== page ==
STATEN ISLAND, N.Y. — Mayor Bill de Blasio and the city Department of Education (DOE) need to follow the most recent Centers for Disease Control and Prevention (CDC) guidelines, and allow all students to attend school in-person five days a week amid the coronavirus (COVID-19) pandemic, Rep. Nicole Malliotakis recently stated during a House subcommittee hearing in front of Dr. Anthony Fauci, director of the National Institute of Allergy and Infectious Disease.
The first-term congresswoman said de Blasio is “dragging his heels,” and students are suffering because of it.
Malliatokis (R-Staten Island/South Brooklyn), who is a member of the House Select Subcommittee on the Coronavirus Response, voiced her concerns to Fauci and Dr. Rochelle Walensky, director of the CDC, during a recent meeting of the subcommittee.
She said she understands that the NYC public school district is the largest in the country, with 1.1 million students, but with many parents still opting to keep their children home for remote learning full-time, the schools should be able to accommodate all those who want to learn in-person across all grade levels five days a week.
BLENDED LEARNING MODEL
Some NYC schools are currently using a blended learning model, in which students are on campus two to three days a week and learning remotely the other days. But many schools across the city are offering students five-day-a-week in-person instruction.
During a March 24 to April 9 opt-in window, families of children who are full-time remote learners were able to let their school know they want to switch to in-person learning. It was the second time kids were able to switch to traditional classroom learning. The first opt-in period was in mid-November.
The mayor said more than 50,000 students opted to return to school buildings, and will do so beginning April 26 across all grade levels. According to the DOE, the total number of students who have opted to learn in-person — including students from this most recent opt-in period — is about 365,000, or nearly 40%. Before the latest opt-in period, just 30% of city public school students were learning on campus.
“New York City set the reopening gold standard for districts across the country, and we are thrilled to welcome back approximately 51,000 new students of all grade levels to schools in two weeks,” said city Schools Chancellor Meisha Porter recently. “None of this would be possible without our resilient principals, educators, staff and families, and I thank them all for their tireless efforts to ensure every student who wants the opportunity to have an in-person learning experience has one.”
A NEED FOR PARENTAL CHOICE
But Malliotakis said she feels that more can be done.
“I think at this point that it should be parental choice and the city should accommodate full in-person instruction. Catholic schools have been doing it since September without issue; there’s no reason that public schools, especially now that vaccinations have been made available to all teachers and the CDC has made this recommendation, that the city can’t do it,” she told the Advance/SILive.com.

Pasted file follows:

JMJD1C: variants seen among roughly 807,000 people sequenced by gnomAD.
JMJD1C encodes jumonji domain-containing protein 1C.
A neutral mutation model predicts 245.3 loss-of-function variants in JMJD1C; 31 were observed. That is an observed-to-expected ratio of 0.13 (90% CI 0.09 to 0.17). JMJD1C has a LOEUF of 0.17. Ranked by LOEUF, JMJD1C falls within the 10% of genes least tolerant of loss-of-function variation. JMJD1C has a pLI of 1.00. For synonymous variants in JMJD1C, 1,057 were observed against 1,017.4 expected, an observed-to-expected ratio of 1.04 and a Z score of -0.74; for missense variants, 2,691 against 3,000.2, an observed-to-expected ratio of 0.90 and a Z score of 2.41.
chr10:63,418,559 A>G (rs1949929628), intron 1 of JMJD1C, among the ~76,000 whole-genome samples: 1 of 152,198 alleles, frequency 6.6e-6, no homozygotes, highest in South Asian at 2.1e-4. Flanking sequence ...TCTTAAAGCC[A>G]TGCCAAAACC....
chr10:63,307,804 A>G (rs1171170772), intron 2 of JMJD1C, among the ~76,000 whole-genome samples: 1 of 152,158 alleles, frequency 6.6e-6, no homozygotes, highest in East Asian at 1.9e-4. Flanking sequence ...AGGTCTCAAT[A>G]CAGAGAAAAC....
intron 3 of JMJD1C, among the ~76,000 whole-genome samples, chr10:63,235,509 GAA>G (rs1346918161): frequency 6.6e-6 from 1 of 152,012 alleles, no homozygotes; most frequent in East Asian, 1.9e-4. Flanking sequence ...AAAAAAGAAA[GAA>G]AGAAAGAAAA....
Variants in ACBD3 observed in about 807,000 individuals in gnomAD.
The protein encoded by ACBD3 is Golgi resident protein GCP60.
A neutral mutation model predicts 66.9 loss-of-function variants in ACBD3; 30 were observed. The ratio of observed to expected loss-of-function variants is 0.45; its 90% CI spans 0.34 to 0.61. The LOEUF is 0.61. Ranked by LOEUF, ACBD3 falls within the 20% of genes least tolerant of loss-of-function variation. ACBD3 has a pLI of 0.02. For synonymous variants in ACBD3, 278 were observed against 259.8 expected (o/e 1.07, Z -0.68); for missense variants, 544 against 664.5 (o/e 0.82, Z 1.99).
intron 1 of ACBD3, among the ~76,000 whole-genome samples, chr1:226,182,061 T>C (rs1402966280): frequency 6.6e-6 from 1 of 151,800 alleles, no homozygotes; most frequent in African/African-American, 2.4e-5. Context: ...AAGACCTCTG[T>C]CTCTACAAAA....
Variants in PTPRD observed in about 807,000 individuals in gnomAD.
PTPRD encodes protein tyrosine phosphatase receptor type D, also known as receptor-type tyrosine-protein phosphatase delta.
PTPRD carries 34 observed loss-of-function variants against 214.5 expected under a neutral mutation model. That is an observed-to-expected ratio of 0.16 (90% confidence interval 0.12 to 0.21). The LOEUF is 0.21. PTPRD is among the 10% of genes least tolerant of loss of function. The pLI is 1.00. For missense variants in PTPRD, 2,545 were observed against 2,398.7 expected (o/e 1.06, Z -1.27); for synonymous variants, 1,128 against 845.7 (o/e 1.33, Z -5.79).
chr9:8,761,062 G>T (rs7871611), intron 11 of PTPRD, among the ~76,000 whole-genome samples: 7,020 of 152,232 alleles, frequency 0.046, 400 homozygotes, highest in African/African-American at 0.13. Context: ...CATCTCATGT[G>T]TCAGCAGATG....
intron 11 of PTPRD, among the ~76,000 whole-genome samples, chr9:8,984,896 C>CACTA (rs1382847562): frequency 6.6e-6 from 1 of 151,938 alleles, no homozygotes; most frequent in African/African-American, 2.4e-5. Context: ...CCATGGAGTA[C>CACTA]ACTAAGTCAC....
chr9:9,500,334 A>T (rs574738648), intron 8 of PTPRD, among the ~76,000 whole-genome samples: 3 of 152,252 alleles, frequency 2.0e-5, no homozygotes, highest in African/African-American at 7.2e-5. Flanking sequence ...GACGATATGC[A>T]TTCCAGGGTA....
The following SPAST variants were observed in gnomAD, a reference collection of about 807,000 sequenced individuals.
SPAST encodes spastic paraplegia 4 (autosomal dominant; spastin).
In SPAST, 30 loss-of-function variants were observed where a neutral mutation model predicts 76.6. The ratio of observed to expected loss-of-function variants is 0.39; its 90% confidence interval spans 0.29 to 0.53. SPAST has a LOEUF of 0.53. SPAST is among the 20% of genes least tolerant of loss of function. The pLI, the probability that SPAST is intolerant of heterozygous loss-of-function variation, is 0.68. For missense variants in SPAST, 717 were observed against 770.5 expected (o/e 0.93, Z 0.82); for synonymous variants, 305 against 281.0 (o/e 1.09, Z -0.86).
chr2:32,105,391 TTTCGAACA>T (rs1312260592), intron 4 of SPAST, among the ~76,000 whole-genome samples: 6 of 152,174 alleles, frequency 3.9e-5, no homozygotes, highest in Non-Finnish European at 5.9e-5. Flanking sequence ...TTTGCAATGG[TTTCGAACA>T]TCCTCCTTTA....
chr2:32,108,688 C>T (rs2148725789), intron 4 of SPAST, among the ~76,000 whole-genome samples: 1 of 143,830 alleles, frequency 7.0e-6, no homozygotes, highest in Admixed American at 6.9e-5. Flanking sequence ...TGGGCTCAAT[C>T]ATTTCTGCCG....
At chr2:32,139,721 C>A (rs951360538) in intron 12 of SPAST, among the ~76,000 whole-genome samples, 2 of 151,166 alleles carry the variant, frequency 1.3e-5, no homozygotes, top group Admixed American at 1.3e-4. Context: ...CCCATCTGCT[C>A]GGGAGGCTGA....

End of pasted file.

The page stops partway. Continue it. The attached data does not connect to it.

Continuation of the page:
The updated CDC school guidance states that the distance between students can be reduced from six feet to three feet — allowing the city to accommodate more students. The CDC said students can safely sit just three feet apart in the classroom as long as they wear a mask, but should be kept the usual six feet away from one another at sporting events, assemblies, lunch, or chorus practice.
However, de Blasio and Porter have said that only preschool and elementary school students will be allowed to sit three feet apart. Middle and high school students will remain seated six feet apart.
“Even with the existing six-foot rule in middle and high school, we will be able to accommodate all kids who want to come back,” de Blasio said.
Parents have expressed frustration with remote learning — it’s been a challenge to keep a child’s attention at a computer screen for an extended period of time, in addition to issues with parents trying to work during the school day.
“Most parents say that virtual learning isn’t working,” Malliotakis said, adding that the city should be taking feedback from parents to make the at-home learning experience better.
MENTAL HEALTH CONCERNS
The congresswoman brought another potential crisis to the attention of Fauci and other top health officials during the hearing — the possibility of a mental health and obesity plight among school-aged children.
“Kids are at home not getting socialization, they’re in the house and may not be participating in athletics, they may not have access to healthy food and mental health services… obesity and mental health can be a real issue,” she said. “We can’t neglect that there will be another health crisis keeping children inside in front of computers all day.”
Multiple NYC public school students have taken their life so far this academic year, according to several reports. One of those is Jasier Kelly, a 16-year-old Staten Islander who died by suicide on Feb. 4.
There were four suicides during the 2019-2020 school year.
Social isolation caused by the pandemic can negatively impact the mental health of children, research shows, and experts suggest that disease control measures caused by the pandemic could exacerbate children’s cognitive struggles.
City officials acknowledged earlier this year the alarming trend among city public school students — an increase in suicides — and said the best way to help is to get all students back in school buildings.
FOLLOW KRISTIN F. DALTON ON TWITTER.